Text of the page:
Mon Apr 8 2013
The Raven The poem “The Raven” is a poem that is recognizable world wide as being a masterpiece of recent literature and one of, if not the best, poems that Edgar Allan Poe ever written. “The Raven” is written by Edgar Allan Poe and was first published on January 29th , 1845 and was first printed in the “New York Evening Mirror”. Poe received only a few cents for the first publication, and there was no such idea as copyright back then, so anyone could just print off his works. This is part of the reason that Poe lived in poverty, because it was hard to make a living as a writer back in those time. For the majority of Poe’s life, he struggled to get by all the way up to his death. Poe has inspired many other writers including Stephen King, and also is an influence to the writer of Sherlock Holmes, based off Poe’s invention of the detective story, which is Poe’s “Murders in the Rue Morgue”. “The raven” is a story of a man who is slowly losing his mind over his lost “Lenore”. It never says who Lenore actually is, but most assume it was his lover. The poem uses imagery, repetition and symbolism to help create the mood and style of the writing, and to help get the message across to the readers as to what Poe is trying to say. The poem “The Raven” by Edgar Allan Poe is a sad tale of a man who is slowly losing his mind from the death of his lost Lenore, because love is a very powerful emotion.
The poem “The Raven” uses a lot of repetition to create the atmosphere and the feeling of the poem. The repetition creates an almost hypnotic or trance like state in the reader and helps the reader to connect with the possibility that the narrator who is also the character in the poem, is losing his mind. Moreover, The repetition gives the poem a spooky feel and there is a rhyming pattern that is tied to the repetition all throughout the poem. This not only makes the poem more fun to read, but screams at the reader that the narrator is going crazy. When the narrator is repeating oneself and talking to oneself right in the beginning of the poem, the readers immediately begin to realize or think that the reader may be going crazy over grief. The trance that the poem creates draws the reader deeper into the poem and almost makes the reader feel as though they are in the poem or can see what is happening to the reader. “As of someone gently rapping, rapping at my chamber door. ‘Tis some visitor’ I muttered ‘tapping at my chamber door” (Poe). The rhyming in the poem paired with the repetition creates the “insane” feeling the reader gets when they are reading and almost lulls the reader into a hypnotic state. Hence, the repetition in “The Raven” helps the reader to realize that the narrator/character is going mad because of his lost “Lenore” and love itself is the cause of his insanity.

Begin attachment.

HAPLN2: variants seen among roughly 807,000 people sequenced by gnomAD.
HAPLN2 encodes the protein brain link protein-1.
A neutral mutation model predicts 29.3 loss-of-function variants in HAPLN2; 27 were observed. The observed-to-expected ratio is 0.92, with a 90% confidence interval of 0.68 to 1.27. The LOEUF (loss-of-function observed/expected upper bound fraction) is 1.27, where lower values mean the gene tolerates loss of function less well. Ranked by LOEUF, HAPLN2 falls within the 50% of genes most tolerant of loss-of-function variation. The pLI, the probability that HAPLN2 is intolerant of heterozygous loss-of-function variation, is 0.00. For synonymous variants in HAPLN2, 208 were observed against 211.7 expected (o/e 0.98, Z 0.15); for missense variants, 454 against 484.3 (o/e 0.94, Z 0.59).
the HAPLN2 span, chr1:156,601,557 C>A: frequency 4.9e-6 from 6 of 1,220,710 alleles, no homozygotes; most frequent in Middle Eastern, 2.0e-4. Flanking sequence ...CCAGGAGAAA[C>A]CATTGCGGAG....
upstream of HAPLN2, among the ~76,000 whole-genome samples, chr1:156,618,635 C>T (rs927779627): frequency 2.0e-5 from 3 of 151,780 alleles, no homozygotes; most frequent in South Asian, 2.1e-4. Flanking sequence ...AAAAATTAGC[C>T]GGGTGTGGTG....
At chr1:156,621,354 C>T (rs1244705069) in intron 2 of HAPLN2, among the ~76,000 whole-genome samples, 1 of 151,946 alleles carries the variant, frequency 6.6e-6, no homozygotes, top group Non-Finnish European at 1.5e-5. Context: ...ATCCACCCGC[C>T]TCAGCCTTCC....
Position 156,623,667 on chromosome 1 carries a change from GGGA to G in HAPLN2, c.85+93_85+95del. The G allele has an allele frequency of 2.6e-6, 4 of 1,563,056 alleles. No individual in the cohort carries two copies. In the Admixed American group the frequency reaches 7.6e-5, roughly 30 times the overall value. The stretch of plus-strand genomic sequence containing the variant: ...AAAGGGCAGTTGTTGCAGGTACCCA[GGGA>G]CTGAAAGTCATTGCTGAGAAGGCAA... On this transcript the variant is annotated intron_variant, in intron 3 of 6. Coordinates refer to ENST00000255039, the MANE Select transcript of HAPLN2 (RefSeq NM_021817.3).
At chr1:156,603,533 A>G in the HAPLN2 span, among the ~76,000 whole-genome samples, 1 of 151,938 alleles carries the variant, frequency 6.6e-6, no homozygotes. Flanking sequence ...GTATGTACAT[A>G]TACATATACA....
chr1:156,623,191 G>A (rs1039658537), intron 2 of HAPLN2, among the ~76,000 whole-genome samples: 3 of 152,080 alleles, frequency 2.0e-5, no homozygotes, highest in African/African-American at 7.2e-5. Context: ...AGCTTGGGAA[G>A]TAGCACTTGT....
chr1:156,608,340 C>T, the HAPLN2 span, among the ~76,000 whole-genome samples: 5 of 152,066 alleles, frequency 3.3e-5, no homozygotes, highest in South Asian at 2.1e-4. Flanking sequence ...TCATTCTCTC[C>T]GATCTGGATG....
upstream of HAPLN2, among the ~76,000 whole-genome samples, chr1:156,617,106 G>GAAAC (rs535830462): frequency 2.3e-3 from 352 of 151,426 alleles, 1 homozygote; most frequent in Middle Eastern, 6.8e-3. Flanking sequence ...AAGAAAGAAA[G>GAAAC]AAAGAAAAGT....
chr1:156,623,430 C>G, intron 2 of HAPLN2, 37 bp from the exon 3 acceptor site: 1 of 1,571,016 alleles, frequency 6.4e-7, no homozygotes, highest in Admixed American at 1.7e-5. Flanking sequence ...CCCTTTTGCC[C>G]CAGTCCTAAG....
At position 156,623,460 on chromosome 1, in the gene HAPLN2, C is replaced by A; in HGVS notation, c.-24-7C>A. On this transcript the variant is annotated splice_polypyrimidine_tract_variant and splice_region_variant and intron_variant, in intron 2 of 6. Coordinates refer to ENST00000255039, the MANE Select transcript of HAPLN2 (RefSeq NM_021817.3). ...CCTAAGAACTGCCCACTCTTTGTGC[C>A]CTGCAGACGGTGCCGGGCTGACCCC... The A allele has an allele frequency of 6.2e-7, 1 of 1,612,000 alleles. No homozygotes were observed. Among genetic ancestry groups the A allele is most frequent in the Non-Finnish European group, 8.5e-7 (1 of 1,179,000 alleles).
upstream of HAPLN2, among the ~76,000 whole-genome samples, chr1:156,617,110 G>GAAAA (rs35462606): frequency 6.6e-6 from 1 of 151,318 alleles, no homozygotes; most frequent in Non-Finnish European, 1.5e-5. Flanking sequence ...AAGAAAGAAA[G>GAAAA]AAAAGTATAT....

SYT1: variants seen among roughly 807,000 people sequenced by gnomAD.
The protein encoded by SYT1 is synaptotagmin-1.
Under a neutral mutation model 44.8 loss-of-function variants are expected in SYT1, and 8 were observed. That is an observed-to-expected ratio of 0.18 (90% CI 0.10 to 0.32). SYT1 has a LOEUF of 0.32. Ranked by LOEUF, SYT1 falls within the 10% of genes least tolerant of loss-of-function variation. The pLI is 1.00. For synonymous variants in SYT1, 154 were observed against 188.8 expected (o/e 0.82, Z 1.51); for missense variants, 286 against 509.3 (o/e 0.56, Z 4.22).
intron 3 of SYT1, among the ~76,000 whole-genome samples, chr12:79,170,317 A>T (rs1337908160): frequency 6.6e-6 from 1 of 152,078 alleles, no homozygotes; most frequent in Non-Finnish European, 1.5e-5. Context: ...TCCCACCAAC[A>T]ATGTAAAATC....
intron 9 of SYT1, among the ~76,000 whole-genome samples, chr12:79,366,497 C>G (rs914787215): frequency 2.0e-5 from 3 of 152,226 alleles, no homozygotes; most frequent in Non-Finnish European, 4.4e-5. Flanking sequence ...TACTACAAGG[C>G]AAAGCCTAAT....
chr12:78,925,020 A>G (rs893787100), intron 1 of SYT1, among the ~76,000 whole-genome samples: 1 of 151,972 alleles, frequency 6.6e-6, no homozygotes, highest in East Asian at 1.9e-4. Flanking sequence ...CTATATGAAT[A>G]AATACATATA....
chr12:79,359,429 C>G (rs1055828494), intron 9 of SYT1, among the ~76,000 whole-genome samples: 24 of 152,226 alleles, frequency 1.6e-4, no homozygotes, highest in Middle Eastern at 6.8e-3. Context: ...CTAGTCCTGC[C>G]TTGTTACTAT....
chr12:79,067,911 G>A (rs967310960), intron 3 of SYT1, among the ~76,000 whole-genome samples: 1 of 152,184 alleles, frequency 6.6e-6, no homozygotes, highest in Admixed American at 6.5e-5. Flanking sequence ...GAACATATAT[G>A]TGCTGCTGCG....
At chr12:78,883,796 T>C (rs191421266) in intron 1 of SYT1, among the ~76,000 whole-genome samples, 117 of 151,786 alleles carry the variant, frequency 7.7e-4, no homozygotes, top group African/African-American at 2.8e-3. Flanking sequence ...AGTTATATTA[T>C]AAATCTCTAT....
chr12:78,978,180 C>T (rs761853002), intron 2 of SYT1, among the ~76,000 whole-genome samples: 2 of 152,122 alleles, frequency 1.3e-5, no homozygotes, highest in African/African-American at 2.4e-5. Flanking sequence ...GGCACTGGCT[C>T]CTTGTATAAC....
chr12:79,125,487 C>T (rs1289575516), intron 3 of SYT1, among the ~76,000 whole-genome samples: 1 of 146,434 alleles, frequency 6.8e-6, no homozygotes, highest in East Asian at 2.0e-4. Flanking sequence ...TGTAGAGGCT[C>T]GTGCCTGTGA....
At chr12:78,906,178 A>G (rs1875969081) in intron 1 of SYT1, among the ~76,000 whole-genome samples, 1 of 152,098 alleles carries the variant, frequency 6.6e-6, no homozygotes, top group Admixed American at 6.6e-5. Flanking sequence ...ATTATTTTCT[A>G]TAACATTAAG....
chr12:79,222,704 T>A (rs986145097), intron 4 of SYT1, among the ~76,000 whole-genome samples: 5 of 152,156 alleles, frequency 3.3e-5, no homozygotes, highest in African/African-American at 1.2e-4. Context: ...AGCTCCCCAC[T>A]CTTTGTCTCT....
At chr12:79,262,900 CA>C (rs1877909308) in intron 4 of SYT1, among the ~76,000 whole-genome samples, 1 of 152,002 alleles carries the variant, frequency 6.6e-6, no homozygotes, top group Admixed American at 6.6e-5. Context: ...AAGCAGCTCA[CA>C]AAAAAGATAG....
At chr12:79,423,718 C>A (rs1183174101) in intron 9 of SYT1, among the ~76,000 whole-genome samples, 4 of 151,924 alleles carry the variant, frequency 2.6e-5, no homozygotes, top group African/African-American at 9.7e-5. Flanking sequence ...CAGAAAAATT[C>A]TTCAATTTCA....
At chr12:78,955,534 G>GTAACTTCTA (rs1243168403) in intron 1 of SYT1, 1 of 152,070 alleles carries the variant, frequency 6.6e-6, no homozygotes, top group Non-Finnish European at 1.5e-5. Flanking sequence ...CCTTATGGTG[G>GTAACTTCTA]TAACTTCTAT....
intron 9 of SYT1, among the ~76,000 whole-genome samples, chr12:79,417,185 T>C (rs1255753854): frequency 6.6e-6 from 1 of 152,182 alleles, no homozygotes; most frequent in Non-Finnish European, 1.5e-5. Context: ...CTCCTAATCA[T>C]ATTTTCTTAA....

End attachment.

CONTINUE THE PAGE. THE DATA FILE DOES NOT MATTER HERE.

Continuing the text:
Furthermore, Poe uses a lot of repetition in “The Raven” to create a certain feel that all readers get of the character going crazy throughout the poem. This lulls the reader into a hypnotic state. The repetition paired up with the rhyming pattern in the poem not only help the reader to connect with the narrator, but they also help certain words to stand out in the poem. “Poe also uses repetition not only to conform his rhyme scheme, but to emphasize the words as well. “Wretch,” I cried, “thy God hath lent thee- by these angels hath sent thee” (bookstove raven).
Secondly, Poe uses lots of Imagery to really make the reader feel that they are in the poem and to help them into the characters shoes and experience what he experiences. The imagery makes the poem so enjoyable to read, and keeps the reader focused on what they are reading because it is appealing to all five of their senses so they are experiencing the poem in every way. When literature has imagery in it, it paints a picture inside every readers mind of what they are reading. The reader sees the characters, the scene, the mood of the…